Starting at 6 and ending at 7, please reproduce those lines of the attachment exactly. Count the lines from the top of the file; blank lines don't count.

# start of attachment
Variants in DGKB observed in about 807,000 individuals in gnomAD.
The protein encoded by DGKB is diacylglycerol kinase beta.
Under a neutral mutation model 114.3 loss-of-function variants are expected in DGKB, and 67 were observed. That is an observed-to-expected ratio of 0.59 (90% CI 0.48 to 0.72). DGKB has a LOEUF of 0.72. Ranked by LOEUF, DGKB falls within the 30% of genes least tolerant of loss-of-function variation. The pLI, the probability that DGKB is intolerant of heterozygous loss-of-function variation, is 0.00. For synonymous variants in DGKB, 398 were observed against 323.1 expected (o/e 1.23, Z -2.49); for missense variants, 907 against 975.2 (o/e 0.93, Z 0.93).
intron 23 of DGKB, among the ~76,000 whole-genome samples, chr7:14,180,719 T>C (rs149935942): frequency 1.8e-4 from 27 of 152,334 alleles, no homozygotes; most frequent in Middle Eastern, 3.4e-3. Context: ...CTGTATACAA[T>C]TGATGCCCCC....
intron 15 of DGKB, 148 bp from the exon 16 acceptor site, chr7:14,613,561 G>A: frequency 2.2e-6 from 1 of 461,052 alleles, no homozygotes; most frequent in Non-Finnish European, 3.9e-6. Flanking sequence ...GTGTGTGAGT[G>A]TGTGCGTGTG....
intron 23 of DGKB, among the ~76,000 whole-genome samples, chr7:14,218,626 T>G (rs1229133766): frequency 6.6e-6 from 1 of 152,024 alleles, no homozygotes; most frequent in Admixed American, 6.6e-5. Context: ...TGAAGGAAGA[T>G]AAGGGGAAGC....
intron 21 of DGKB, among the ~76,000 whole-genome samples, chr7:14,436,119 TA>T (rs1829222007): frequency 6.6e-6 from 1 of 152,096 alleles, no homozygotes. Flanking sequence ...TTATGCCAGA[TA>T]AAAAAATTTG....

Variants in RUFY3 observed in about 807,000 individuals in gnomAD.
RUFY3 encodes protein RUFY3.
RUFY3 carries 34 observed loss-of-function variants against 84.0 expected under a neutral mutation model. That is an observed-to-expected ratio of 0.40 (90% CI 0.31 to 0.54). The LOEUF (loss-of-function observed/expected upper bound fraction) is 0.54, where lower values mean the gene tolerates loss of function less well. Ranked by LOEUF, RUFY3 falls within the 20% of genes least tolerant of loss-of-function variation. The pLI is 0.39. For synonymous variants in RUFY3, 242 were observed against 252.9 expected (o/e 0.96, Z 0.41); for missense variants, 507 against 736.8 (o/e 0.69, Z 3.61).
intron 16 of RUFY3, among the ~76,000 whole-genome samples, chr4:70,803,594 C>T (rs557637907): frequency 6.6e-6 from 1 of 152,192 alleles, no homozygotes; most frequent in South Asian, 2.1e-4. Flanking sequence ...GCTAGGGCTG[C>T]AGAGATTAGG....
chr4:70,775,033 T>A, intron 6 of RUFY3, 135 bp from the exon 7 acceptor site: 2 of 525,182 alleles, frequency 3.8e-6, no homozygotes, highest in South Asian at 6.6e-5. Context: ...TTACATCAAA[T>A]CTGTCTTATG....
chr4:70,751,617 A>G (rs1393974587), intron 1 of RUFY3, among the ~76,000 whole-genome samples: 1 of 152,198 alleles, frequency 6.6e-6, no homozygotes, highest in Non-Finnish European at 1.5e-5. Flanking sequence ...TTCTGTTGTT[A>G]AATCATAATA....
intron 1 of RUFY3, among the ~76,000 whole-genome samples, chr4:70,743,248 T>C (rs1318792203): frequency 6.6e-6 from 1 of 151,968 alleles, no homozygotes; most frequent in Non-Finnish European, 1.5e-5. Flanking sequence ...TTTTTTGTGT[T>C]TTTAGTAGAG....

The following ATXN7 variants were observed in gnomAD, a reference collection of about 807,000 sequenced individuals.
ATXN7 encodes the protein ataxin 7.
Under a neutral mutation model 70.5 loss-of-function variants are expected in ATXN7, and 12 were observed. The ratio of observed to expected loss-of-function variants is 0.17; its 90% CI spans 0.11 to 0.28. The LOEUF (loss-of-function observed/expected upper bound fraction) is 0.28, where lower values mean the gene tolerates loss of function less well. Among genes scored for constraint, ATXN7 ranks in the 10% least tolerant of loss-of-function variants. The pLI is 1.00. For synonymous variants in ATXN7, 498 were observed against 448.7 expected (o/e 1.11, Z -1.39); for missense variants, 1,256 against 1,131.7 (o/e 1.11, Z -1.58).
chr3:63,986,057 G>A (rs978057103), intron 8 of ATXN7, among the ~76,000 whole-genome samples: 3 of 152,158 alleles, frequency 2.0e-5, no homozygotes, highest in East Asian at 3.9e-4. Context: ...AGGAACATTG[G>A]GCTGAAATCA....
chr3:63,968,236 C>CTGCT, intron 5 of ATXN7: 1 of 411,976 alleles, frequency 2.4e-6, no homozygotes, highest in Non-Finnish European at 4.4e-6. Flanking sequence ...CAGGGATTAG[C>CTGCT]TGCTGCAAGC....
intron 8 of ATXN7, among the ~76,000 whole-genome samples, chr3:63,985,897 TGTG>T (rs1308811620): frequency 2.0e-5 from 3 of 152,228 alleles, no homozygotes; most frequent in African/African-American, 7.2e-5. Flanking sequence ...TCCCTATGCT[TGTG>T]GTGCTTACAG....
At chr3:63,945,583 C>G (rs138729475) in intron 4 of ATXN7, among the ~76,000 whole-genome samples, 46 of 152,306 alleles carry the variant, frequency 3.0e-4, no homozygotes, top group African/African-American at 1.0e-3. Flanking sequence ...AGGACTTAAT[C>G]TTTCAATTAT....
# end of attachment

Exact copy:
intron 23 of DGKB, among the ~76,000 whole-genome samples, chr7:14,218,626 T>G (rs1229133766): frequency 6.6e-6 from 1 of 152,024 alleles, no homozygotes; most frequent in Admixed American, 6.6e-5. Context: ...TGAAGGAAGA[T>G]AAGGGGAAGC....
intron 21 of DGKB, among the ~76,000 whole-genome samples, chr7:14,436,119 TA>T (rs1829222007): frequency 6.6e-6 from 1 of 152,096 alleles, no homozygotes. Flanking sequence ...TTATGCCAGA[TA>T]AAAAAATTTG....